Guy Chevrette, spokesperson for the Quebec taxi coalition, said Uber is pulling out of Quebec would mean more government interest in helping the traditional taxi industry modernize.

But he said he's not ready to claim victory yet, pointing out it's possible the company is using the threat of leaving as leverage.

"All their profits were made illegally, and on the backs of people who legally, bought a very expensive permit that was devalued, I would say in some cases by 50 per cent," he said.

Since UberX, which allows non-professional drivers to shuttle passengers around in their own personal cars, arrived in Montreal in 2014, the service has been met with opposition from politicians and taxi drivers alike.

But the conflict ramped up in earnest last year, as the taxi industry increased its efforts to force the province to act.

Quebec's taxi drivers have been vocal against Uber, saying the government's agreement to even have a pilot project amounts to a betrayal.

Similar demands made in other cities

They blame Uber for what they say is the decreasing value of their taxi permits, which can cost hundreds of thousands of dollars, and have held protests in downtown Montreal, using their cars to block busy city streets.

London's transport regulator on Friday stripped Uber of its licence to operate, affecting over 40,000 drivers in a huge blow to the taxi app. The company is appealing that decision.

Markus Giesler, a marketing associate professor at the Schulich School of Business in Toronto, said he doubts Uber will follow through on the ultimatum. It's made similar demands in other cities and is still operating in them, he said.

Giesler looked at how Montreal consumers were reacting to the news on Twitter and said he was surprised to see many in favour of it leaving. 

"There's something to be said about this company that is being perceived as an intruder, not only from the commercial standpoint, but also culturally," he told CBC News.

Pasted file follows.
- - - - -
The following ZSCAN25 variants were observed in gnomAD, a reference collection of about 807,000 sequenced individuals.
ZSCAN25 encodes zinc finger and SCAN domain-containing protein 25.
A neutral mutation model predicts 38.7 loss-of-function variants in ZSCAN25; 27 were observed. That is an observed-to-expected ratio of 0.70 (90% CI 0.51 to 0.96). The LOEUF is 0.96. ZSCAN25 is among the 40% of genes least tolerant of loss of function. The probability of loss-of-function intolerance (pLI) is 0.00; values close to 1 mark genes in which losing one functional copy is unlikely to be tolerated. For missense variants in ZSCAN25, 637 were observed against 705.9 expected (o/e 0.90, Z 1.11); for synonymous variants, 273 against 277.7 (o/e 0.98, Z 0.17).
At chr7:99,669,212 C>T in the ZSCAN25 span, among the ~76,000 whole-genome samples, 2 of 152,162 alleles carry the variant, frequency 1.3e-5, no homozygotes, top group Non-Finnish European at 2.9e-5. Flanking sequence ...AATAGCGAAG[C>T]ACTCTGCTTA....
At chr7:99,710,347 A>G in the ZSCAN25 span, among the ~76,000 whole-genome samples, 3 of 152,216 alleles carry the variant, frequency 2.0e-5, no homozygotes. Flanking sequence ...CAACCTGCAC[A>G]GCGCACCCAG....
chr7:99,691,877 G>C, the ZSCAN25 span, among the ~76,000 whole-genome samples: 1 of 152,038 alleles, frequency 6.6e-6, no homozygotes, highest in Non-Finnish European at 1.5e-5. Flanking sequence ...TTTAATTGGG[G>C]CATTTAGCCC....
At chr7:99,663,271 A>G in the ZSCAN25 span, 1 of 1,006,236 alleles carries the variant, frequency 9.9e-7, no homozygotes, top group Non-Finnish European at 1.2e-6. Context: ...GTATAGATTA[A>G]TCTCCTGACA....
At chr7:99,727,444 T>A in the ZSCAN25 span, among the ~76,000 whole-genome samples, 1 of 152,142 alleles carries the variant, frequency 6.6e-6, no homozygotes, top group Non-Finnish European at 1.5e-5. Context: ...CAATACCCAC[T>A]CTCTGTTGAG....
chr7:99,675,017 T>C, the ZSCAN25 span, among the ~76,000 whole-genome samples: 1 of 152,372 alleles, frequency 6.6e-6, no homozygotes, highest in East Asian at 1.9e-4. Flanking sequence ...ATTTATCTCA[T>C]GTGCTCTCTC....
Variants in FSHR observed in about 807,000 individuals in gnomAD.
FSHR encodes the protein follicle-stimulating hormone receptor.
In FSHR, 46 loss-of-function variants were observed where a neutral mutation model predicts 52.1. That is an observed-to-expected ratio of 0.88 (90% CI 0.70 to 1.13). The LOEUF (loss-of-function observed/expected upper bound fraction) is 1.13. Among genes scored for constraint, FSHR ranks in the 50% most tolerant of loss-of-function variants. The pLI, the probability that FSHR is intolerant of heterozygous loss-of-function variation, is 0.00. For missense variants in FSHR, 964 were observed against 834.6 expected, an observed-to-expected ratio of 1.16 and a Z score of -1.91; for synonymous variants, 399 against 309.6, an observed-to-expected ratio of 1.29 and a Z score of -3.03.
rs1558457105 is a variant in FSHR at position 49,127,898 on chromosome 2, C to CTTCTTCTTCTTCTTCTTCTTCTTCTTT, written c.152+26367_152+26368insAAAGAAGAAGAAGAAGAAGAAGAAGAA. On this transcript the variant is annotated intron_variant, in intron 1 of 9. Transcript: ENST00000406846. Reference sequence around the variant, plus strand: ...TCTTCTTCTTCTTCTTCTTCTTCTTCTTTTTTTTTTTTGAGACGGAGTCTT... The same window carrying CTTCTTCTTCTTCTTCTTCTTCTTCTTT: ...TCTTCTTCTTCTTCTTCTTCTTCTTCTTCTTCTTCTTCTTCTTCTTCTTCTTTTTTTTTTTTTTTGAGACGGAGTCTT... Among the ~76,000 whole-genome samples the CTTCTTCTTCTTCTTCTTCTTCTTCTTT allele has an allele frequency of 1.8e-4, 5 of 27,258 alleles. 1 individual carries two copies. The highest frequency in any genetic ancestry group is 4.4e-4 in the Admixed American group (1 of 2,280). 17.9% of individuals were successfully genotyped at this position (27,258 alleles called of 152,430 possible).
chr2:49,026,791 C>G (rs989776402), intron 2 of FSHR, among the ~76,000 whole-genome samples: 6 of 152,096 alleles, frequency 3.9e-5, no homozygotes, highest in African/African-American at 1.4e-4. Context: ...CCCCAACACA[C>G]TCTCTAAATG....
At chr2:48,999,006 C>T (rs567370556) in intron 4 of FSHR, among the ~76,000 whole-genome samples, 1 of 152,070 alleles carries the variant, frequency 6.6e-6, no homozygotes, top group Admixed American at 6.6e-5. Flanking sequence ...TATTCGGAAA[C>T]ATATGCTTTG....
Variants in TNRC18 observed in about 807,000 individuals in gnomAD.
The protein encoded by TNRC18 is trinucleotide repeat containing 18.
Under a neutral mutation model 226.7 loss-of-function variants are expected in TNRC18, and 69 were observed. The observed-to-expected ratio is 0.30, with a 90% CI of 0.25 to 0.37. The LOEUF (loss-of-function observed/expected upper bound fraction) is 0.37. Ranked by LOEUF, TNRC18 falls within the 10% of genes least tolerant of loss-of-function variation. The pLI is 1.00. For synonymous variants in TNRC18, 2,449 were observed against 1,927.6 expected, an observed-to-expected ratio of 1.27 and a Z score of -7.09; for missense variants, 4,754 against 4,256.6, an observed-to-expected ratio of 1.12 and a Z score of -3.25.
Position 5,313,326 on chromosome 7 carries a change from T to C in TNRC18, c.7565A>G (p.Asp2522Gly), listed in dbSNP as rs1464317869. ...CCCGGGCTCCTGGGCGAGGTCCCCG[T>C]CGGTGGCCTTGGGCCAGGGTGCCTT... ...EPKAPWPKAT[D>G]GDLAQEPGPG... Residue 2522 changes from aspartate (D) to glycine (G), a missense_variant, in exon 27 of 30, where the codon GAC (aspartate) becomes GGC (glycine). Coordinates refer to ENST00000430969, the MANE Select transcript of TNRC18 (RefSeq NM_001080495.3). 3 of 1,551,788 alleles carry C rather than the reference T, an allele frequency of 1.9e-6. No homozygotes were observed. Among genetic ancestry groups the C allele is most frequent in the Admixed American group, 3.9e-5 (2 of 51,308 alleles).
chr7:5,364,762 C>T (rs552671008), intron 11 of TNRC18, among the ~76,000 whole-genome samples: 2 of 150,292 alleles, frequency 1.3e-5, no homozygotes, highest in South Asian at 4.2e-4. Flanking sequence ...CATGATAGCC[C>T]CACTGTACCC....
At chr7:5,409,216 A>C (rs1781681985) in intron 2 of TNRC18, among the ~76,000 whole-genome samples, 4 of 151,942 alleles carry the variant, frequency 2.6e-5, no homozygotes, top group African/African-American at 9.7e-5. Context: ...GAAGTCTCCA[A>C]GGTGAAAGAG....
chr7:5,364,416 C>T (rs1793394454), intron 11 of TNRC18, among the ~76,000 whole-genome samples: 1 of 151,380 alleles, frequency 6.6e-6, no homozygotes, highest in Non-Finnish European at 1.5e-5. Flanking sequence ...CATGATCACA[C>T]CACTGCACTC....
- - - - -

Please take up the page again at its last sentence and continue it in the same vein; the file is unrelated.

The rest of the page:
"We might expect  a company that wants to make business in Canada to be a little more polite."

'A big, big storm'

Matthieu Visser is a full-time Uber driver, and is convinced the company has improved Montrealers' quality of life.

He said the option of taking an Uber has prompted people to ditch their cars and helped them cut costs.

As far as Visser is concerned, the requirement to do 35 hours of training is too strict, and he doesn't think he and his fellow drivers need it.

"In 2½ years, we've had so many storms inside this battle. This might be a big, big storm. Maybe it's the last one, maybe it's the end. I don't know."

Markus Giesler

York University, 4700 Keele Street, Toronto, Canada

Markus Giesler draws on concepts from economics, technology studies, and sociology to inform his research in marketing. He determines how ideas and things (products, services, experiences, technological innovations, intellectual property, brands, etc.) are made valuable over time, with research focused on improving marketing strategy through an understanding of markets as evolving social systems. Giesler's research has been supported by the Social Sciences and Humanities Research Council of Canada (SSHRC) and the European Research Council (ERC) and published in top-tier academic journals such as the Journal of Consumer Research and the Journal of Marketing. Giesler has an extensive entertainment industry background. He founded his own record label at age 17 and has worked in various production and marketing responsibilities for over a decade. He lives in Toronto, Canada.